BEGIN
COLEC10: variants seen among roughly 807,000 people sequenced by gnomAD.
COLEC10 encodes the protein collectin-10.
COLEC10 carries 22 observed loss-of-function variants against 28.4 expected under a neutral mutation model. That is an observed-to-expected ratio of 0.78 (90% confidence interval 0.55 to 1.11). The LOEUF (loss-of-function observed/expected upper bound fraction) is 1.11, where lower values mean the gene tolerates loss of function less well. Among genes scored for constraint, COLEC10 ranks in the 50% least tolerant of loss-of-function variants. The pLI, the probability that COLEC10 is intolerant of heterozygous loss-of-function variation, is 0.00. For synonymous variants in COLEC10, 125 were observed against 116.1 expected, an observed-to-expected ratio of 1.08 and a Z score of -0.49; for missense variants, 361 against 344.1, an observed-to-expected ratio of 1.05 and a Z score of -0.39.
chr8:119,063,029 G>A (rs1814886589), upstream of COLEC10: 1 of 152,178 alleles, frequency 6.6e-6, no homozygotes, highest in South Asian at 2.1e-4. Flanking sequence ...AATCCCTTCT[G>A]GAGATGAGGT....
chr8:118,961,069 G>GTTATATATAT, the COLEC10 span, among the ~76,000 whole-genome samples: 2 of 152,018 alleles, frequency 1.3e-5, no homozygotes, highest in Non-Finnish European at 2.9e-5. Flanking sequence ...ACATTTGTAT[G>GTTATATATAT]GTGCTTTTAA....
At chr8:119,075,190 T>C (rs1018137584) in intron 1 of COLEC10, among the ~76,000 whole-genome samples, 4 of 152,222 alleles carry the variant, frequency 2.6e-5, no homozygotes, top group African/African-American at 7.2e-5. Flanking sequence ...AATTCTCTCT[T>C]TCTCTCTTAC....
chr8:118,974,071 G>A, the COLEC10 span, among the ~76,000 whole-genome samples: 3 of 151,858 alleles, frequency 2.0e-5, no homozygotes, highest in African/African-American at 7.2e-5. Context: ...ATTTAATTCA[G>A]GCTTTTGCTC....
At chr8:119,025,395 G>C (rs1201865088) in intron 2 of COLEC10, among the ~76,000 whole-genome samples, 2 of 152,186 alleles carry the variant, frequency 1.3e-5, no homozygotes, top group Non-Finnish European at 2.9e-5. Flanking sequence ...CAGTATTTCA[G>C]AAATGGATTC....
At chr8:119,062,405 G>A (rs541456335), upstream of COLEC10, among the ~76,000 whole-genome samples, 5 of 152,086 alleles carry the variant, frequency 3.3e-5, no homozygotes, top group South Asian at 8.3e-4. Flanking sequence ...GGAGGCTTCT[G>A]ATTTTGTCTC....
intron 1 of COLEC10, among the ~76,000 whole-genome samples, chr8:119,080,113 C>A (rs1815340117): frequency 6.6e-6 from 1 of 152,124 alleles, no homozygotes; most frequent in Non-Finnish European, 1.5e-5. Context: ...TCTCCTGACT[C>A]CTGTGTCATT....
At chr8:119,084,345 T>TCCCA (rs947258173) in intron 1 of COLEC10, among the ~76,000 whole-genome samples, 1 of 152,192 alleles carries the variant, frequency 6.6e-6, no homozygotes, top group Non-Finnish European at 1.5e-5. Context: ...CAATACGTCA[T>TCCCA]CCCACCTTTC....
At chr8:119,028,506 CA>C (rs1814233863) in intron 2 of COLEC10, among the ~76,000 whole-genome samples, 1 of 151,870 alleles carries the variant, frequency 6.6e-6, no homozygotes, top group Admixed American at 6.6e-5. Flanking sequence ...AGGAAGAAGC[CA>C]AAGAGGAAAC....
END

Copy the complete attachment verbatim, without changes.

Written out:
COLEC10: variants seen among roughly 807,000 people sequenced by gnomAD.
COLEC10 encodes the protein collectin-10.
COLEC10 carries 22 observed loss-of-function variants against 28.4 expected under a neutral mutation model. That is an observed-to-expected ratio of 0.78 (90% confidence interval 0.55 to 1.11). The LOEUF (loss-of-function observed/expected upper bound fraction) is 1.11, where lower values mean the gene tolerates loss of function less well. Among genes scored for constraint, COLEC10 ranks in the 50% least tolerant of loss-of-function variants. The pLI, the probability that COLEC10 is intolerant of heterozygous loss-of-function variation, is 0.00. For synonymous variants in COLEC10, 125 were observed against 116.1 expected, an observed-to-expected ratio of 1.08 and a Z score of -0.49; for missense variants, 361 against 344.1, an observed-to-expected ratio of 1.05 and a Z score of -0.39.
chr8:119,063,029 G>A (rs1814886589), upstream of COLEC10: 1 of 152,178 alleles, frequency 6.6e-6, no homozygotes, highest in South Asian at 2.1e-4. Flanking sequence ...AATCCCTTCT[G>A]GAGATGAGGT....
chr8:118,961,069 G>GTTATATATAT, the COLEC10 span, among the ~76,000 whole-genome samples: 2 of 152,018 alleles, frequency 1.3e-5, no homozygotes, highest in Non-Finnish European at 2.9e-5. Flanking sequence ...ACATTTGTAT[G>GTTATATATAT]GTGCTTTTAA....
At chr8:119,075,190 T>C (rs1018137584) in intron 1 of COLEC10, among the ~76,000 whole-genome samples, 4 of 152,222 alleles carry the variant, frequency 2.6e-5, no homozygotes, top group African/African-American at 7.2e-5. Flanking sequence ...AATTCTCTCT[T>C]TCTCTCTTAC....
chr8:118,974,071 G>A, the COLEC10 span, among the ~76,000 whole-genome samples: 3 of 151,858 alleles, frequency 2.0e-5, no homozygotes, highest in African/African-American at 7.2e-5. Context: ...ATTTAATTCA[G>A]GCTTTTGCTC....
At chr8:119,025,395 G>C (rs1201865088) in intron 2 of COLEC10, among the ~76,000 whole-genome samples, 2 of 152,186 alleles carry the variant, frequency 1.3e-5, no homozygotes, top group Non-Finnish European at 2.9e-5. Flanking sequence ...CAGTATTTCA[G>C]AAATGGATTC....
At chr8:119,062,405 G>A (rs541456335), upstream of COLEC10, among the ~76,000 whole-genome samples, 5 of 152,086 alleles carry the variant, frequency 3.3e-5, no homozygotes, top group South Asian at 8.3e-4. Flanking sequence ...GGAGGCTTCT[G>A]ATTTTGTCTC....
intron 1 of COLEC10, among the ~76,000 whole-genome samples, chr8:119,080,113 C>A (rs1815340117): frequency 6.6e-6 from 1 of 152,124 alleles, no homozygotes; most frequent in Non-Finnish European, 1.5e-5. Context: ...TCTCCTGACT[C>A]CTGTGTCATT....
At chr8:119,084,345 T>TCCCA (rs947258173) in intron 1 of COLEC10, among the ~76,000 whole-genome samples, 1 of 152,192 alleles carries the variant, frequency 6.6e-6, no homozygotes, top group Non-Finnish European at 1.5e-5. Context: ...CAATACGTCA[T>TCCCA]CCCACCTTTC....
At chr8:119,028,506 CA>C (rs1814233863) in intron 2 of COLEC10, among the ~76,000 whole-genome samples, 1 of 151,870 alleles carries the variant, frequency 6.6e-6, no homozygotes, top group Admixed American at 6.6e-5. Flanking sequence ...AGGAAGAAGC[CA>C]AAGAGGAAAC....